Hanson spoke out saying, “It’s never too late to do the right thing.”

Odgers said, “The ultimate problem is that the state has issued the license for that location, and to change that location would require Acres to go back and find another location, and go back through that portion of the licensing.”

Councilwoman Jolen Gardner asked if this location was far enough away from the schools, and Odgers replied “Yes.”

The item received the majority vote and was approved.

The White Pine Corral Association approached the city council once again this time with a proposal to lease the property from the City Corrals.

Odgers explained that during a previous discussion it became clear that there are some conflicts that need to be resolved on who owns the land that the corrals are sitting on, the city, or the county, or both.

A map from 1999 when the city annexed Georgetown, and it appears as though part of the Georgetown includes the city corrals. The assessor’s website shows some differences, where things are shifted over so the majority of the corrals are in the county not the city. County Assessor Burton Hilton and Odgers are currently working on to determine what is correct.

“Based on history, in the 1950s we leased that ground out as if it was ours. If we’re wrong we need to know that,” he said.

Much discussion went on about whether having the corral association lease the land would be possible. Gardner expressed her concern that it would take revenue from the city, and councilman Kurt Carson expressed the money that comes in from the corrals the city should be funneling that money down to the horse corrals for maintenance and so forth.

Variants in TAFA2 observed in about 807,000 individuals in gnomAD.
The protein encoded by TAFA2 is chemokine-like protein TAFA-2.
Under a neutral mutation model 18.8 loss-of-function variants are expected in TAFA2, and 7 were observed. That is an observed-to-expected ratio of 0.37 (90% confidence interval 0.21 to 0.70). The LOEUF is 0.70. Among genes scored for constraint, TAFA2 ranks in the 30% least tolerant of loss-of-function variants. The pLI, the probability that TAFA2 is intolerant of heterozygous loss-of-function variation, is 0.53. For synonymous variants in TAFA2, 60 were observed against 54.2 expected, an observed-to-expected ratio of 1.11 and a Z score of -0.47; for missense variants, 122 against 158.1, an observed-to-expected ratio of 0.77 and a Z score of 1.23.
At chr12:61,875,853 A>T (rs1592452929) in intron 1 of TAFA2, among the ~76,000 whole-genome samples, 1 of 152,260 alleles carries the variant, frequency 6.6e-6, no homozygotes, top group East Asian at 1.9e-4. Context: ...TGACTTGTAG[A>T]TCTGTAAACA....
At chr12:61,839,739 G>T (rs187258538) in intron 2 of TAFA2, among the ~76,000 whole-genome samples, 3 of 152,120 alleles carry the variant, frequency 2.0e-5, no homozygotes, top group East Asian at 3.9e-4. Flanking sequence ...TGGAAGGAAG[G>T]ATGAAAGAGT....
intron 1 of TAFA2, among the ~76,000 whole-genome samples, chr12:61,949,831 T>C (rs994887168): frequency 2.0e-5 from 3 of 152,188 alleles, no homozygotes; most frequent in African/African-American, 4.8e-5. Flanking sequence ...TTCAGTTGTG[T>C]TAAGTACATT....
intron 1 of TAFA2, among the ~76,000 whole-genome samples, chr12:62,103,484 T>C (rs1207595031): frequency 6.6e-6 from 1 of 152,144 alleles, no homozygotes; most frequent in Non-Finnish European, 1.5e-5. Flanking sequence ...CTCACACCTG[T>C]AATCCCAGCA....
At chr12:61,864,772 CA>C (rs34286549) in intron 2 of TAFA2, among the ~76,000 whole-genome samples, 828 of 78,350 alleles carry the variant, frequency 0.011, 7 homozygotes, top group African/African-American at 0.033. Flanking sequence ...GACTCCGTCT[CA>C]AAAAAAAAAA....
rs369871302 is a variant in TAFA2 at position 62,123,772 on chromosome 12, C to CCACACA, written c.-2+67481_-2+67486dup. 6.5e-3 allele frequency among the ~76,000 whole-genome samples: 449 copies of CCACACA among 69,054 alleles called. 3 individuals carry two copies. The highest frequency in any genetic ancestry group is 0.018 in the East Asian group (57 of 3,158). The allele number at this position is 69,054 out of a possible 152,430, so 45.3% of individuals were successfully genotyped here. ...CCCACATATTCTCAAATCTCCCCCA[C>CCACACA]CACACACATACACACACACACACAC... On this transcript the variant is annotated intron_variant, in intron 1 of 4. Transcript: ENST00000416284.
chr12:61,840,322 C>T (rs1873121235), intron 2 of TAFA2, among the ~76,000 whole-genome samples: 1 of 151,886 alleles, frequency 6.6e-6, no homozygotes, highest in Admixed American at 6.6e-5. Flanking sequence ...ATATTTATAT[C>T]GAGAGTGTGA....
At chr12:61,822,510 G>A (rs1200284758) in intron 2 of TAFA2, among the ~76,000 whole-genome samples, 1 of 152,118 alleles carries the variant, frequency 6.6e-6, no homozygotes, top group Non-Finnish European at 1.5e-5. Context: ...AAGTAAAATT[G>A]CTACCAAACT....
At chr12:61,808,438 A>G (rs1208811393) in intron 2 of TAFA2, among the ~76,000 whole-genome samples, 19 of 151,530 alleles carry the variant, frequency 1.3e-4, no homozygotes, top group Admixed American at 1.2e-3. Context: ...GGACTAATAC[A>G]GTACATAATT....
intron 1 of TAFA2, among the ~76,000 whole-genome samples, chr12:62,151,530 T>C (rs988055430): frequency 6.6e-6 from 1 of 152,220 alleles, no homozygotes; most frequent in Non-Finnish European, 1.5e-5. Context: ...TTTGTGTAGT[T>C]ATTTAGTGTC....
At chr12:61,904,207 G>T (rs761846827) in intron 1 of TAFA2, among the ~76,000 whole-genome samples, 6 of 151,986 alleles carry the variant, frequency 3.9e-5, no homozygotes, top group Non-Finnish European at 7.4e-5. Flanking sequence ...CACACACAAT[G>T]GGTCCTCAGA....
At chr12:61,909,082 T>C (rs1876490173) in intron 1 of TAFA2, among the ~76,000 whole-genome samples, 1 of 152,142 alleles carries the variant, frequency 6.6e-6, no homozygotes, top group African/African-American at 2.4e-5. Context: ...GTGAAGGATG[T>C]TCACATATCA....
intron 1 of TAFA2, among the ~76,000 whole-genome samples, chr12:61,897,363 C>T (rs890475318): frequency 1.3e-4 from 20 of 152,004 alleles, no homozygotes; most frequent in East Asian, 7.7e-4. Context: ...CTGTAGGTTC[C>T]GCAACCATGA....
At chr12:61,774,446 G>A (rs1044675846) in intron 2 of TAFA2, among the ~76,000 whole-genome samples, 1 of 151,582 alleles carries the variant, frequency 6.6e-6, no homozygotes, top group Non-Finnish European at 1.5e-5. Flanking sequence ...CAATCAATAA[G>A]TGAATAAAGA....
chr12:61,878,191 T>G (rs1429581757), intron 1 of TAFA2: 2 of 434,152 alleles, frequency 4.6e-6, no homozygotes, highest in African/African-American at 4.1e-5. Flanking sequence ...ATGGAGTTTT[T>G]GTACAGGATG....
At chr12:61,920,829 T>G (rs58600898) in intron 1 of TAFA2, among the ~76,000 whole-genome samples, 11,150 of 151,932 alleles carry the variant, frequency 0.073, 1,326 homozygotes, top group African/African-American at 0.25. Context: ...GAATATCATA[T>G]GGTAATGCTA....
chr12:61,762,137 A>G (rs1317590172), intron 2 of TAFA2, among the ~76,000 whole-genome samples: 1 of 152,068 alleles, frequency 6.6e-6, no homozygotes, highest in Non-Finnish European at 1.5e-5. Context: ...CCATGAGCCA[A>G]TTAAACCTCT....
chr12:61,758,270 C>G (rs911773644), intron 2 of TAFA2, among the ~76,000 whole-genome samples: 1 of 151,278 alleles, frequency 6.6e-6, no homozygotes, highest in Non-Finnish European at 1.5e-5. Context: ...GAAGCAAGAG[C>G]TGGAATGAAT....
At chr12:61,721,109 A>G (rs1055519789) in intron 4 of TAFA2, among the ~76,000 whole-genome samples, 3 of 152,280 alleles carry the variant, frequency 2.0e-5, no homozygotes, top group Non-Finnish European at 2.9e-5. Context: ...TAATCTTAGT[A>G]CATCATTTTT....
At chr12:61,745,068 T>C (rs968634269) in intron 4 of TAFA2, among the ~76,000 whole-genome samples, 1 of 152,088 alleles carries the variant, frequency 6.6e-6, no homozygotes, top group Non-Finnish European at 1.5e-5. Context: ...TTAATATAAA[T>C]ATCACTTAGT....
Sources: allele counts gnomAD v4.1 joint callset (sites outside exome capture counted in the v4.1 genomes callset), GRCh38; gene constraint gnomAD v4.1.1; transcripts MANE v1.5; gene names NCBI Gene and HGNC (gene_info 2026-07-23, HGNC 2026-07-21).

“To me personally I don’t think it would be a bad idea if we figure out the land, and do something with the county,” he said. “I would entertain this idea, but the thing for me is, a contract, I know these folks are ready to go and clean up, but times change and you might get people who don’t care about it, we need some rules and regulations.”

Kent Linskey indicated that the association was currently working on their 501c3. Odgers noted that the association would have to meet the building codes as well.

“As part of trying to ensure, quite frankly the ones that are vacant and if the city retains it, tear it down, because they don’t meet any kind of building codes.”

The item was discussed and Odgers requested it to be placed on the agenda for the second meeting in January.

The blinking stop light may be no more, with the city council voting on putting in stop signs at 11th Street on Nevada Northern Railway.

The decision wasn’t made lightly though. Councilman Ernie Flangas expressed his frustrations on NDOT removing the stop lights all together as part of the future road project slated for 2019.

“I think traffic control is very important and NDOT should listen to what we have to say. Removing this is not something Carson City should make the decision on,” he said.

School buses will have to stop and try to merge into traffic onto Aultman Street. Gardner had concerns about accidents there. Flangas said, “I think it’s mandatory that that stoplight remain.”

Odgers explained that there would only be two stoplights remaining in the city, and it would be at Great Basin and Aultman, and Highway 6 and Great Basin.

It was reported that approximately 10,000 cars a day travel through that intersection, that doesn’t warrant a stop light.

Carson said, “I get their traffic studies and all, a school bus trying to make a left hand turn, they’re going to be there forever.”

Carson suggested reaching out to NDOT to see if they would put flashing red lights on the stop sign. The motion was made and approved for stop signs, the motion was approved with Flangas voting against it.